One of the funniest things about the ocean is the fact that its surface is curved. We tend to think about water forming large flat sheets, but the surface of a large body of water is not actually flat at all -- it follows the curvature of the Earth.
Because of the curvature of our planet, the distance between you and the horizon when you look out over the ocean depends on your height above the surface of the water. The following diagram shows you how the distance to the horizon can change depending on the height of the observer:
So the distance to the horizon depends on the height of your eyes above the water. If your eyes are 8 inches (20 cm) above the water, the distance of the horizon is about 1 mile (1.6 km) away. A rough formula for calculating the distance to the horizon is:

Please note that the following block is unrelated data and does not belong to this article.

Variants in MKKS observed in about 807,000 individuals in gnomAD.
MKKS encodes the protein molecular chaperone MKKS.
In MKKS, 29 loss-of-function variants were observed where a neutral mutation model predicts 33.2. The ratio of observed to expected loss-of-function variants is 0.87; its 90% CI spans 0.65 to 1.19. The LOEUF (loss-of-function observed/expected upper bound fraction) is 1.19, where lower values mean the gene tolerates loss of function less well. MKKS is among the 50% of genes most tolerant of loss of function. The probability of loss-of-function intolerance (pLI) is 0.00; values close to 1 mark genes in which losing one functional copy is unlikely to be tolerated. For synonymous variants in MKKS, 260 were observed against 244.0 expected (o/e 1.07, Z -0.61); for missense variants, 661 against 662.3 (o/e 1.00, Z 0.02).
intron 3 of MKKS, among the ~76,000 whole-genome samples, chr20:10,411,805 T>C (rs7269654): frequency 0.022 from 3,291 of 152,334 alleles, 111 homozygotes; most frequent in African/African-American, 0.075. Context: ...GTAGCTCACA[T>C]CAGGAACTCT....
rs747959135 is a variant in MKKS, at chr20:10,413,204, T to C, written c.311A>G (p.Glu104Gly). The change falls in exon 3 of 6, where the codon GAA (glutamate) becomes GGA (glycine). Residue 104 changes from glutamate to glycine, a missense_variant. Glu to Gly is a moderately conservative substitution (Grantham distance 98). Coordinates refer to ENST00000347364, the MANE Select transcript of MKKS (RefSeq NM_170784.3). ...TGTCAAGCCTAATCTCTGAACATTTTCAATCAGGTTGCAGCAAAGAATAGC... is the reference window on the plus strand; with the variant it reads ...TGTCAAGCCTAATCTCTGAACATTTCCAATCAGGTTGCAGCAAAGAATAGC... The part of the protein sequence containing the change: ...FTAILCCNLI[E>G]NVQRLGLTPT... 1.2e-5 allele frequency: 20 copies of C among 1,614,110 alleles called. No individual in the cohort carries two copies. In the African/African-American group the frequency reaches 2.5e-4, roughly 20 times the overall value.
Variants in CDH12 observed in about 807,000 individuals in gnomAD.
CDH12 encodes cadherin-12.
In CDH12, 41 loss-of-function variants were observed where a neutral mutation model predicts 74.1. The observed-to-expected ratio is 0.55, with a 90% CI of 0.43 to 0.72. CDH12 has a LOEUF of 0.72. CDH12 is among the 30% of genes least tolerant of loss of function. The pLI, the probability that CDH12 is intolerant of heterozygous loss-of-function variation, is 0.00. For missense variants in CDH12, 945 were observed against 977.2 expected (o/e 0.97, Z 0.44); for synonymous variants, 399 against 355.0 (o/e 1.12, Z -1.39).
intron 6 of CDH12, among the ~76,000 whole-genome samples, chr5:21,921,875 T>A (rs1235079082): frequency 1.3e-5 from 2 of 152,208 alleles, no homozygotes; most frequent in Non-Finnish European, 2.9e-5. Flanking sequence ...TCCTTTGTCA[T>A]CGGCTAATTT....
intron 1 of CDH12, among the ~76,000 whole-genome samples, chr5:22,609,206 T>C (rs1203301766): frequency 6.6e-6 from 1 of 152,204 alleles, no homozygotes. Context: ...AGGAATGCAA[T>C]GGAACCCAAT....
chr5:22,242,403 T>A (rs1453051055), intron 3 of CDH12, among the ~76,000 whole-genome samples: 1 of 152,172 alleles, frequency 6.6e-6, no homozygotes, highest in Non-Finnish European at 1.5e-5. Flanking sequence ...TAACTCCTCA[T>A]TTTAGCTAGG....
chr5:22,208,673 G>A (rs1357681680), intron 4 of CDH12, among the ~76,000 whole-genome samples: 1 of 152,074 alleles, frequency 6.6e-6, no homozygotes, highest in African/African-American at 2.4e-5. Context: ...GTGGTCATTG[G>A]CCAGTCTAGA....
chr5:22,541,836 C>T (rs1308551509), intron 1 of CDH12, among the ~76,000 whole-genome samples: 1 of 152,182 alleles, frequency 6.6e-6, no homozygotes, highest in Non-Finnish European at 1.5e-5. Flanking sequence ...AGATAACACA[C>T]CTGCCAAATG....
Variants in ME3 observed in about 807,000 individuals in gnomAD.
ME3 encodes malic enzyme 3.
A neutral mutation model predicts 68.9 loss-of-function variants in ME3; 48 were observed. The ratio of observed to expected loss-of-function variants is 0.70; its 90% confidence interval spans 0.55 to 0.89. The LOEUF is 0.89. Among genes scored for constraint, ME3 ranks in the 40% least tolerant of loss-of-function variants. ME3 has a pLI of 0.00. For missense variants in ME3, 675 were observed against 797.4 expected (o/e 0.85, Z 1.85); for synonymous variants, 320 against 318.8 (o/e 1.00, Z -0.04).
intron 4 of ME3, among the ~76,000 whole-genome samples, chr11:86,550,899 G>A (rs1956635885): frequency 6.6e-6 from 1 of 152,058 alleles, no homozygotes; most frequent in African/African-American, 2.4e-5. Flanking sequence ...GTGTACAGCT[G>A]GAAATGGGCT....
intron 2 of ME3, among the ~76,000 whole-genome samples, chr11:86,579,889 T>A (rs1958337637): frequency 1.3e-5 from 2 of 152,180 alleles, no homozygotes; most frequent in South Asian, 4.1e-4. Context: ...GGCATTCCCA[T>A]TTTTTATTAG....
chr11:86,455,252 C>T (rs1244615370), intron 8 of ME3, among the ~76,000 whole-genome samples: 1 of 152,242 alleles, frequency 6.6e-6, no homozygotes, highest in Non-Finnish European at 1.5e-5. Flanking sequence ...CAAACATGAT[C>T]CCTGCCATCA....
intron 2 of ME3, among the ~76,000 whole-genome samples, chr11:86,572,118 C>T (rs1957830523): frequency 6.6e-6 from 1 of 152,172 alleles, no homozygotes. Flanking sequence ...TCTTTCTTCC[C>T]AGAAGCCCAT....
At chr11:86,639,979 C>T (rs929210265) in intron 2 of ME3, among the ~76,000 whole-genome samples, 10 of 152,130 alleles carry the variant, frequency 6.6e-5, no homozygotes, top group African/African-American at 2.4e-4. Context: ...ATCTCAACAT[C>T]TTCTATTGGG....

SquareRoot(height above surface / 0.5736) = distance to horizon
where "height above surface" is in feet and "distance to horizon" is in miles. If you are 6 feet tall and standing right at the water's edge, then your eyes are about 5.5 feet above the surface. The distance to the horizon is:
SquareRoot(5.5 / 0.5736) = 3 miles
In metric, the equivalent is:
SquareRoot(height above surface / 6.752) = distance to horizon
where "height above surface" is in centimeters and "distance to horizon" is in kilometers.
These links will help you learn more:
- Why does the moon look so much bigger when it is near the horizon?
- How can you measure the height of a tall tower?
- What is a nautical mile, and how does it differ from a normal mile and a kilometer?